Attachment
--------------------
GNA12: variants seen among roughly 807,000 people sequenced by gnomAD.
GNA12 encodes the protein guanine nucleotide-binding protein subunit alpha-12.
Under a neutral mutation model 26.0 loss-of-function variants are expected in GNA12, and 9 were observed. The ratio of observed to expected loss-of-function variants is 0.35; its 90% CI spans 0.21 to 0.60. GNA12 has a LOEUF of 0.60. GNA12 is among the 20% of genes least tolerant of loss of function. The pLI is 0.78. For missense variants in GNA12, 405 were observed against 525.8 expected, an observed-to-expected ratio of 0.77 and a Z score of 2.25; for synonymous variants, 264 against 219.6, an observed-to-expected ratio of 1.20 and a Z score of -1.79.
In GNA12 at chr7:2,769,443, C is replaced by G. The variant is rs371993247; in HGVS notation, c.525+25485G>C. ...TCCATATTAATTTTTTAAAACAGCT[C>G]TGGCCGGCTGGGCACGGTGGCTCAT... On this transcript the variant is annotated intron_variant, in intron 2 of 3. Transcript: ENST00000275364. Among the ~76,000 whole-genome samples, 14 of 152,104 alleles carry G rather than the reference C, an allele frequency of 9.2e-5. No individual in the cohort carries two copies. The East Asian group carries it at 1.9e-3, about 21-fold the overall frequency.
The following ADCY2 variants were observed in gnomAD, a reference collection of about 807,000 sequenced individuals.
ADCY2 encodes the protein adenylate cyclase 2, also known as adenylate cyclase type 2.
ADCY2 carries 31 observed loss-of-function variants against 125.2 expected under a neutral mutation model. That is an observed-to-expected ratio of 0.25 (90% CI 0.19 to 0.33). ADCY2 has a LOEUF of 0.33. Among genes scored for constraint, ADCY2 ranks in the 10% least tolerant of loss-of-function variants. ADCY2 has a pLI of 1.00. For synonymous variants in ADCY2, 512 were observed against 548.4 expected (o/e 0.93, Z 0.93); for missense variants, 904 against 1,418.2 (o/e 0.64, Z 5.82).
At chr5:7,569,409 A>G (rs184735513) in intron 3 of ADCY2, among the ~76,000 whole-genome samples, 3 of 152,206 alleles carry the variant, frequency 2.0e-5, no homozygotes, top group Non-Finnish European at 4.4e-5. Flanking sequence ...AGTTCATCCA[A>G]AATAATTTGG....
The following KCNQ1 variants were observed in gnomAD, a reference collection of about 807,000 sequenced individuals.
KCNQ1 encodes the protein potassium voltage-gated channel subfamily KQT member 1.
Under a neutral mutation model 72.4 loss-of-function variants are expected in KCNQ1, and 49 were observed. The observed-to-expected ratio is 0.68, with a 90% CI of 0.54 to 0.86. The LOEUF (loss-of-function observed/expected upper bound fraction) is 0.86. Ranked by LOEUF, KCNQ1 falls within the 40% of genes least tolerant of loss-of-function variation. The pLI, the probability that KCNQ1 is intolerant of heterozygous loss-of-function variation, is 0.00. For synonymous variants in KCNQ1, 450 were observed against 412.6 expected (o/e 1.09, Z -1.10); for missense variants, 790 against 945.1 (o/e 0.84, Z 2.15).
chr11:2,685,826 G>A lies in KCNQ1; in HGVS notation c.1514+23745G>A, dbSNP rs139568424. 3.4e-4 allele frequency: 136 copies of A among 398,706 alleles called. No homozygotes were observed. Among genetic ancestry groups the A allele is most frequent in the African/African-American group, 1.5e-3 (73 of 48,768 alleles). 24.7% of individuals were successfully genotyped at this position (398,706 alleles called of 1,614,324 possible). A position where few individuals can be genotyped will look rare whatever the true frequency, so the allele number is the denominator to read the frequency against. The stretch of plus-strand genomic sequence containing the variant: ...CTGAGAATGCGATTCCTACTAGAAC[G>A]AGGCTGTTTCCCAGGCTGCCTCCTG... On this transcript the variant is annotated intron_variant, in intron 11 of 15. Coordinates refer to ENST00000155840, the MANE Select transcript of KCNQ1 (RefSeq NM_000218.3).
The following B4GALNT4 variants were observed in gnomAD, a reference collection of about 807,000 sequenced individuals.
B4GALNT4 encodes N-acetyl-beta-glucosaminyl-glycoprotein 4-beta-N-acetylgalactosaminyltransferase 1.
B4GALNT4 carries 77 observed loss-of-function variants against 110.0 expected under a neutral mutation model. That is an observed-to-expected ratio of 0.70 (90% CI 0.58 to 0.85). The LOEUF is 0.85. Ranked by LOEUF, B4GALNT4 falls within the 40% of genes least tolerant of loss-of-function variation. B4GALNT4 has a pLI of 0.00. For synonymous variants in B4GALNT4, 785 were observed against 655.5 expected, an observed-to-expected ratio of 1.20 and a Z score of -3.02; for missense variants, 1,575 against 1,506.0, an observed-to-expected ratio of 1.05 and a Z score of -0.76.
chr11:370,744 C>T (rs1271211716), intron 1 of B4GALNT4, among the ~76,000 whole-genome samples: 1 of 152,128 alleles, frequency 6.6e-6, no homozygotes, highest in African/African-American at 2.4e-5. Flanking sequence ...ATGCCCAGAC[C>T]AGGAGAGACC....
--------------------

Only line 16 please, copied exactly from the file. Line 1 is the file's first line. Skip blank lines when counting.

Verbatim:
chr11:370,744 C>T (rs1271211716), intron 1 of B4GALNT4, among the ~76,000 whole-genome samples: 1 of 152,128 alleles, frequency 6.6e-6, no homozygotes, highest in African/African-American at 2.4e-5. Flanking sequence ...ATGCCCAGAC[C>T]AGGAGAGACC....